Federal land is used for camping, hiking, climbing, fishing, bird watching, rafting, bicycling, and just plain enjoying with over 600 million visits a year. In just 2011, federal lands provided two million jobs and $385 billion in economic development. National forests provide water—generally clean and pure—to 60 million people. Public land cuts down on pollution because it lacks industry and produces oxygen while removing carbon dioxide from the atmosphere. I live next to the most beautiful beaches in the United States because they are not privately owned. Anyone can walk or run along the Pacific Ocean in Oregon, unlike in California which sells its beaches.

The land in the West has never been “private” land. The federal government took it from Native Americans, not the ranchers who claim that they should “take it back.” The Homestead Act gave away some of this land, but much of it was set aside as national forests and parks.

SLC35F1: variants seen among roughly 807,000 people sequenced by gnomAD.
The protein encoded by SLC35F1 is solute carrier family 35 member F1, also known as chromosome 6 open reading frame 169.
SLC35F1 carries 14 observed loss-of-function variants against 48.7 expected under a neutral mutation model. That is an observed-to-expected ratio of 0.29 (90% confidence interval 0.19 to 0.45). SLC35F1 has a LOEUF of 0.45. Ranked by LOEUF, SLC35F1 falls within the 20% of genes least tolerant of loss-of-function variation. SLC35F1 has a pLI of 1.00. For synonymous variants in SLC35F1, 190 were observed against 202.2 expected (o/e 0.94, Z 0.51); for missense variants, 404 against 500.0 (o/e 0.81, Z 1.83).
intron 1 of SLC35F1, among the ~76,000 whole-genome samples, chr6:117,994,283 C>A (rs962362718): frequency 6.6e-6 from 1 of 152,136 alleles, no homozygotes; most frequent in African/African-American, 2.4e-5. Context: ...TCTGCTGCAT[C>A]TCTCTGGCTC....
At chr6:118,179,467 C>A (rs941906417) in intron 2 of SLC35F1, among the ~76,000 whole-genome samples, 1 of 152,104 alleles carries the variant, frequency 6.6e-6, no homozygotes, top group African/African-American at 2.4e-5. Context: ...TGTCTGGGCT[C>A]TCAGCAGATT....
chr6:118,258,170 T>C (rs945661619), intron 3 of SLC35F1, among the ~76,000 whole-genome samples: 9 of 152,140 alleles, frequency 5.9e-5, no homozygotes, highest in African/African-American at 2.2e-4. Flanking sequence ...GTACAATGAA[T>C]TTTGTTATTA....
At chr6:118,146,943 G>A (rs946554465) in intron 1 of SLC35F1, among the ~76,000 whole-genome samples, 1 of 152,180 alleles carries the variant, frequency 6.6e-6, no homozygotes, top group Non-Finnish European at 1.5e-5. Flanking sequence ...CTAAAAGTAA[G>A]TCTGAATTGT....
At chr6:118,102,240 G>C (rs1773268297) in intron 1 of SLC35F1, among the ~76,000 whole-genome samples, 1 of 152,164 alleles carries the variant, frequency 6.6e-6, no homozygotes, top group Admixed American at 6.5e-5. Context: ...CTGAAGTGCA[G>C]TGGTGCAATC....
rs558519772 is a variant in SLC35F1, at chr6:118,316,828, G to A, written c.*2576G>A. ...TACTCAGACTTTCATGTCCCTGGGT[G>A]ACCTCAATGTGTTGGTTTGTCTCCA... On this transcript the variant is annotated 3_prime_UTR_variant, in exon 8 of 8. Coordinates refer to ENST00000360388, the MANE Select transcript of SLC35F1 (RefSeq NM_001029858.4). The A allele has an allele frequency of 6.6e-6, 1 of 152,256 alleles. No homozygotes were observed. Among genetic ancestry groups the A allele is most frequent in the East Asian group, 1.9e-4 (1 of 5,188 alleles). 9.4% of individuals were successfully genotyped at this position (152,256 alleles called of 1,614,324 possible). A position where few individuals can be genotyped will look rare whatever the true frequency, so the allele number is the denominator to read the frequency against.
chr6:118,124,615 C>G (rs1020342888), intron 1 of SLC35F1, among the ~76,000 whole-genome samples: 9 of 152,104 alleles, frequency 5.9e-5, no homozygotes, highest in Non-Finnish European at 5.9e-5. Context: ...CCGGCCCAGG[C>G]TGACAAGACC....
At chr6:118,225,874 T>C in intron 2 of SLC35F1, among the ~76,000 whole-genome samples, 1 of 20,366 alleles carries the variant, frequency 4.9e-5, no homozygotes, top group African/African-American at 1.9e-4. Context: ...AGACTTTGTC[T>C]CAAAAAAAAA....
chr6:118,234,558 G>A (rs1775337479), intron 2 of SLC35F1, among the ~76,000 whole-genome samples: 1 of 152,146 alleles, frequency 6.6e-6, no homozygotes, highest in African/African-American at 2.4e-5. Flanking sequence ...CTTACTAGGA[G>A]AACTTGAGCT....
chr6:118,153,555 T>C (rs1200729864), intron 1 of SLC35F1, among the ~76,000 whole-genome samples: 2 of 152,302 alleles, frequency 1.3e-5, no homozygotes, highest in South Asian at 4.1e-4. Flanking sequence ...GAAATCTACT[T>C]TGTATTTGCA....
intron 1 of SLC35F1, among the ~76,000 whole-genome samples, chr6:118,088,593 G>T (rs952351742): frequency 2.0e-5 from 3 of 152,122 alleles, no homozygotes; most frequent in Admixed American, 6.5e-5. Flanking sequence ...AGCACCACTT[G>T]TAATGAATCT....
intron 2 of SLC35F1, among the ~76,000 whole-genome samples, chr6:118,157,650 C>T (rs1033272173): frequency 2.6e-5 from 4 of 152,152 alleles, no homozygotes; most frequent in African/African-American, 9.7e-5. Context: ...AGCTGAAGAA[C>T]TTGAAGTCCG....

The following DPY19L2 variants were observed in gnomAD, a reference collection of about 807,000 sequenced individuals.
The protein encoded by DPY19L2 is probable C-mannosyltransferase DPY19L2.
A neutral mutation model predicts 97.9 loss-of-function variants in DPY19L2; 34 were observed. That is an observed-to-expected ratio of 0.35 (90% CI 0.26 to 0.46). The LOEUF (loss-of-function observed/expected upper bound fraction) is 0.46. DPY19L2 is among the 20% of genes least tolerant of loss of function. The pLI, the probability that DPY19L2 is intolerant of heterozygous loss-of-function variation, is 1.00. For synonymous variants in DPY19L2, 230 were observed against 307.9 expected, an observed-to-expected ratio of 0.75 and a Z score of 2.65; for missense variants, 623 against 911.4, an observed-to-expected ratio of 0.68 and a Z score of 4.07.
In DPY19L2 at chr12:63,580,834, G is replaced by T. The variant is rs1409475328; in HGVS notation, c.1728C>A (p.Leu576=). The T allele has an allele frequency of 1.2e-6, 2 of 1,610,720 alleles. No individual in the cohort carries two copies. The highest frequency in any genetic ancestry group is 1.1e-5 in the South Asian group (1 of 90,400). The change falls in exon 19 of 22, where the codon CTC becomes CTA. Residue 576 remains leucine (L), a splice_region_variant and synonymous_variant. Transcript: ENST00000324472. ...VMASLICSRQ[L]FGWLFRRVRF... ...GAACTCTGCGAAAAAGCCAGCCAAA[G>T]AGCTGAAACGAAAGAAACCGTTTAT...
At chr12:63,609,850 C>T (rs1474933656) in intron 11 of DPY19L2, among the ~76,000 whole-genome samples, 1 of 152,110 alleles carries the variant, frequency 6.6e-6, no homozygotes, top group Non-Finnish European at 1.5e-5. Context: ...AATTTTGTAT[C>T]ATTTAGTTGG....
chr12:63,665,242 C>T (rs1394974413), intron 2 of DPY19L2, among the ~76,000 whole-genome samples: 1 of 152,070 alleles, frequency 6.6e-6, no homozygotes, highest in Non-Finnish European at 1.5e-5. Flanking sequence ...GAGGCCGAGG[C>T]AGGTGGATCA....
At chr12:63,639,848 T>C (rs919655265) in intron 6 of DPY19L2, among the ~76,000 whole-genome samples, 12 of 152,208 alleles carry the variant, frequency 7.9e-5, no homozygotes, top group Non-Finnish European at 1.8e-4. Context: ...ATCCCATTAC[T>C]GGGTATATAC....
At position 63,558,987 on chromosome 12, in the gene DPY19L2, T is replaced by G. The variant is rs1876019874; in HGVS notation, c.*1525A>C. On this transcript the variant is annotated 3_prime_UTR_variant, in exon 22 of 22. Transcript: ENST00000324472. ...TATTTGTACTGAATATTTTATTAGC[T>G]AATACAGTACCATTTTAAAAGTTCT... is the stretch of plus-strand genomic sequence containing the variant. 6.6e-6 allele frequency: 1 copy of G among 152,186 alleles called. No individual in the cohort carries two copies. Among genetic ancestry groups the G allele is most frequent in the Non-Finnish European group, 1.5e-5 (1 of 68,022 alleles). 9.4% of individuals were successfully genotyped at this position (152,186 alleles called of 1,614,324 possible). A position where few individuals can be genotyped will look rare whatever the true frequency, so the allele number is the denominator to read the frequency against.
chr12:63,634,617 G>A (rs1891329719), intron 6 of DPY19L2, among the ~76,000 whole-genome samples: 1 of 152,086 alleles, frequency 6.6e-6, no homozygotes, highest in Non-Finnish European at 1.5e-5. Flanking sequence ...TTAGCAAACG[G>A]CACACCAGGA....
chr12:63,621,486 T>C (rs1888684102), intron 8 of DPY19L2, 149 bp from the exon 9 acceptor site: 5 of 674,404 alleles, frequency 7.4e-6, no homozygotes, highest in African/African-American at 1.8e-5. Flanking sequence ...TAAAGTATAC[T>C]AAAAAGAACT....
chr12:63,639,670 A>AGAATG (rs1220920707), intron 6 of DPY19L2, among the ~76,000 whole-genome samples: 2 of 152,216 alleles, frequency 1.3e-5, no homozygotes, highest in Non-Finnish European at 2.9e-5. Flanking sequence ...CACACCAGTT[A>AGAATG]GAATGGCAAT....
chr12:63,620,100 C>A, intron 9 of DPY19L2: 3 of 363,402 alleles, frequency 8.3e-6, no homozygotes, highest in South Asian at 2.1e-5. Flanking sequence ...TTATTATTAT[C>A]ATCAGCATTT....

It’s not “we the people” who think that the public lands should be put into private hands; it’s the corporations and industries such as the Koch brothers and Exxon Mobile—the companies that own the GOP lawmakers. In their attempt to take over private lands, the Koch brothers directly funded the group that occupied an Oregon bird sanctuary earlier this year.

BeachThe move toward privatizing comes from federal government haters in Congress trying to turn federal lands over to the states because they would supposedly be the best to manage them. Of course, they would have to pay for the management, including paying for jobs, firefighting, roads, etc. Complaints about not having access to public land would vastly increase if these were managed by the states instead of the federal government. Many Western states don’t consider state lands to be “public” and thus make them off limits to recreation, trapping, and firewood cutting. Ranchers and farmers would lose grazing rights and federal water.